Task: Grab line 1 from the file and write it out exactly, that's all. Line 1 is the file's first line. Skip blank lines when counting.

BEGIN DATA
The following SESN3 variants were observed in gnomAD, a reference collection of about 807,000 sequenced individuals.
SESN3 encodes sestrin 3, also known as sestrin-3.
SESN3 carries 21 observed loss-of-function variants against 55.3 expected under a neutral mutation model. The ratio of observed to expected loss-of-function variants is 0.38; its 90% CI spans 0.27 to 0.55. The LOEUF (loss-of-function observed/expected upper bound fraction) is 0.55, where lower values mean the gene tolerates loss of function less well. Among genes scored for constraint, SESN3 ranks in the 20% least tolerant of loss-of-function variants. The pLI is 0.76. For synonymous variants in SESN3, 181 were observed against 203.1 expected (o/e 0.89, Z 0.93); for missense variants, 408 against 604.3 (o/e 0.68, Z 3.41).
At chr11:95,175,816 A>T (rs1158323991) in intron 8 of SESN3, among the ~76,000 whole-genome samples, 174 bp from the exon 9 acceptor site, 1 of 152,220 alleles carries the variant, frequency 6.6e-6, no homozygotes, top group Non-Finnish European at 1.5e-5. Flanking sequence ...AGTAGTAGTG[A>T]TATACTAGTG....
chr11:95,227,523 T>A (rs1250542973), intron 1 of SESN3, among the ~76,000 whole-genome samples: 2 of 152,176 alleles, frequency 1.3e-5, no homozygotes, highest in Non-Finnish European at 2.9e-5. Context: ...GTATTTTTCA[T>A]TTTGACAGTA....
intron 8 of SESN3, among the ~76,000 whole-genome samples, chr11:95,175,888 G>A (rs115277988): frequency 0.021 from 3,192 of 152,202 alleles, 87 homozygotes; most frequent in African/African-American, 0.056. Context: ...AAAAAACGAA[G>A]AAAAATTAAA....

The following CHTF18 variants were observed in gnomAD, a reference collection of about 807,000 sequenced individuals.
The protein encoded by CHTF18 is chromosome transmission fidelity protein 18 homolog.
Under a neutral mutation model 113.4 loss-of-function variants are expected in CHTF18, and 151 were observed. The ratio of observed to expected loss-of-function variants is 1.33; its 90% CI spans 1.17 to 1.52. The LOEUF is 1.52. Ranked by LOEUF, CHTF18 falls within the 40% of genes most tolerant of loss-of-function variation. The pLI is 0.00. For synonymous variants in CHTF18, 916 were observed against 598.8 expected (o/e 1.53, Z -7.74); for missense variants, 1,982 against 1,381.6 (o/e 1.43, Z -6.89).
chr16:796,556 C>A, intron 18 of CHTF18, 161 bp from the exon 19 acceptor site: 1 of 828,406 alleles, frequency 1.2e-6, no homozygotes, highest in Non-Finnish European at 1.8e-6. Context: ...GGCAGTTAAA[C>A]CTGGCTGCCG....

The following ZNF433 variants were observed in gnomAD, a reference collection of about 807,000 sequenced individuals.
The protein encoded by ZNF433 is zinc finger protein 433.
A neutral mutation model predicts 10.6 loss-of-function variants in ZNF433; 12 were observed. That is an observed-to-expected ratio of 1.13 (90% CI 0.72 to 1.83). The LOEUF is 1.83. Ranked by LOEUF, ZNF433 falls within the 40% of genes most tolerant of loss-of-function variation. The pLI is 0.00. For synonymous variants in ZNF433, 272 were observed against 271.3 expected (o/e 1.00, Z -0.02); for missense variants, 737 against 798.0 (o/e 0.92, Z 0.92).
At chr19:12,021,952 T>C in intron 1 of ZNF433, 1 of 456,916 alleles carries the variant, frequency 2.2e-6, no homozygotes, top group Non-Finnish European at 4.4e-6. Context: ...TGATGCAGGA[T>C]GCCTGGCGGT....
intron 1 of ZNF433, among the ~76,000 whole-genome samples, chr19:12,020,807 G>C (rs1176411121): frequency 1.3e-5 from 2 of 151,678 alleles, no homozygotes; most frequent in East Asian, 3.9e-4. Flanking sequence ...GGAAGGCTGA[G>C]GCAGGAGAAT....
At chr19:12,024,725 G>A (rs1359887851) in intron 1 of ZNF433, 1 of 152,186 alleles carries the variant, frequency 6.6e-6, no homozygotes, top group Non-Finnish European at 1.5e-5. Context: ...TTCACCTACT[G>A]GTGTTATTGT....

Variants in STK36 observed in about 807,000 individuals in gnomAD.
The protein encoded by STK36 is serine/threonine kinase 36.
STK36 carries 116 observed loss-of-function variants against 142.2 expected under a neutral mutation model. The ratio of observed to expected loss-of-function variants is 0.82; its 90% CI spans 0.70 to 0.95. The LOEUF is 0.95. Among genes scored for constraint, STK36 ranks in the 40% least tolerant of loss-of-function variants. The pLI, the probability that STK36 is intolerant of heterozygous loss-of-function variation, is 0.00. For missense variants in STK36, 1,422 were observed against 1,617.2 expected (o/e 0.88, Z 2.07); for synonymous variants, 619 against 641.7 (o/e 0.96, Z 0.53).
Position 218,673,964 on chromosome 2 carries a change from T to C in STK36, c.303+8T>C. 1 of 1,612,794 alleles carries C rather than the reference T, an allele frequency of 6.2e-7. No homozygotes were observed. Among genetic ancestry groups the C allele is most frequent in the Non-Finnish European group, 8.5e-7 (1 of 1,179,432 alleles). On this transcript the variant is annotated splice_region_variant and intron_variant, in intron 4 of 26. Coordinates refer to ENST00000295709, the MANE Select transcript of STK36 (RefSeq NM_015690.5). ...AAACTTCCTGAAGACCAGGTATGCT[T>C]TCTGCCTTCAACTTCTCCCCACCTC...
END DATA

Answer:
The following SESN3 variants were observed in gnomAD, a reference collection of about 807,000 sequenced individuals.